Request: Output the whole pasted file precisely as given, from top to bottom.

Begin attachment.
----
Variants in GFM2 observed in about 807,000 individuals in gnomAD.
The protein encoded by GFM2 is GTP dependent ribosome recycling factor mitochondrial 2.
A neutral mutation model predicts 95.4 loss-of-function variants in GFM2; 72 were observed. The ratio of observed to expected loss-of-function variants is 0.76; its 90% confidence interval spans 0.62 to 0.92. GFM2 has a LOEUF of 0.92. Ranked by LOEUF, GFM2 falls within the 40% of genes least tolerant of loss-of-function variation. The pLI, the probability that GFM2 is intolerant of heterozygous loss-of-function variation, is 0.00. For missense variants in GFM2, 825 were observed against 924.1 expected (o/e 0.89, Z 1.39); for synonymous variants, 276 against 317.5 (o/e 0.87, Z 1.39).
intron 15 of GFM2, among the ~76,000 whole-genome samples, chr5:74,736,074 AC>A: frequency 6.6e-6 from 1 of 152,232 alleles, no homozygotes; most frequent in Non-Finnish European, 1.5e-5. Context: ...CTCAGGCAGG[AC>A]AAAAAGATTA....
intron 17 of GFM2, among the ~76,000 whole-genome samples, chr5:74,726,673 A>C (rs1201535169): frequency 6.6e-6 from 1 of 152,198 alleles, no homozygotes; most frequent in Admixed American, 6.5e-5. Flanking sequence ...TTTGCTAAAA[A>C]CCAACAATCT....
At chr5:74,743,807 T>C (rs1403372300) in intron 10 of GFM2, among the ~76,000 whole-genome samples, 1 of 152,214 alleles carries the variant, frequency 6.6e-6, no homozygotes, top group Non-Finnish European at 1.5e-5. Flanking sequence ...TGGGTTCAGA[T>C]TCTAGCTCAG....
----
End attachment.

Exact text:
Variants in GFM2 observed in about 807,000 individuals in gnomAD.
The protein encoded by GFM2 is GTP dependent ribosome recycling factor mitochondrial 2.
A neutral mutation model predicts 95.4 loss-of-function variants in GFM2; 72 were observed. The ratio of observed to expected loss-of-function variants is 0.76; its 90% confidence interval spans 0.62 to 0.92. GFM2 has a LOEUF of 0.92. Ranked by LOEUF, GFM2 falls within the 40% of genes least tolerant of loss-of-function variation. The pLI, the probability that GFM2 is intolerant of heterozygous loss-of-function variation, is 0.00. For missense variants in GFM2, 825 were observed against 924.1 expected (o/e 0.89, Z 1.39); for synonymous variants, 276 against 317.5 (o/e 0.87, Z 1.39).
intron 15 of GFM2, among the ~76,000 whole-genome samples, chr5:74,736,074 AC>A: frequency 6.6e-6 from 1 of 152,232 alleles, no homozygotes; most frequent in Non-Finnish European, 1.5e-5. Context: ...CTCAGGCAGG[AC>A]AAAAAGATTA....
intron 17 of GFM2, among the ~76,000 whole-genome samples, chr5:74,726,673 A>C (rs1201535169): frequency 6.6e-6 from 1 of 152,198 alleles, no homozygotes; most frequent in Admixed American, 6.5e-5. Flanking sequence ...TTTGCTAAAA[A>C]CCAACAATCT....
At chr5:74,743,807 T>C (rs1403372300) in intron 10 of GFM2, among the ~76,000 whole-genome samples, 1 of 152,214 alleles carries the variant, frequency 6.6e-6, no homozygotes, top group Non-Finnish European at 1.5e-5. Flanking sequence ...TGGGTTCAGA[T>C]TCTAGCTCAG....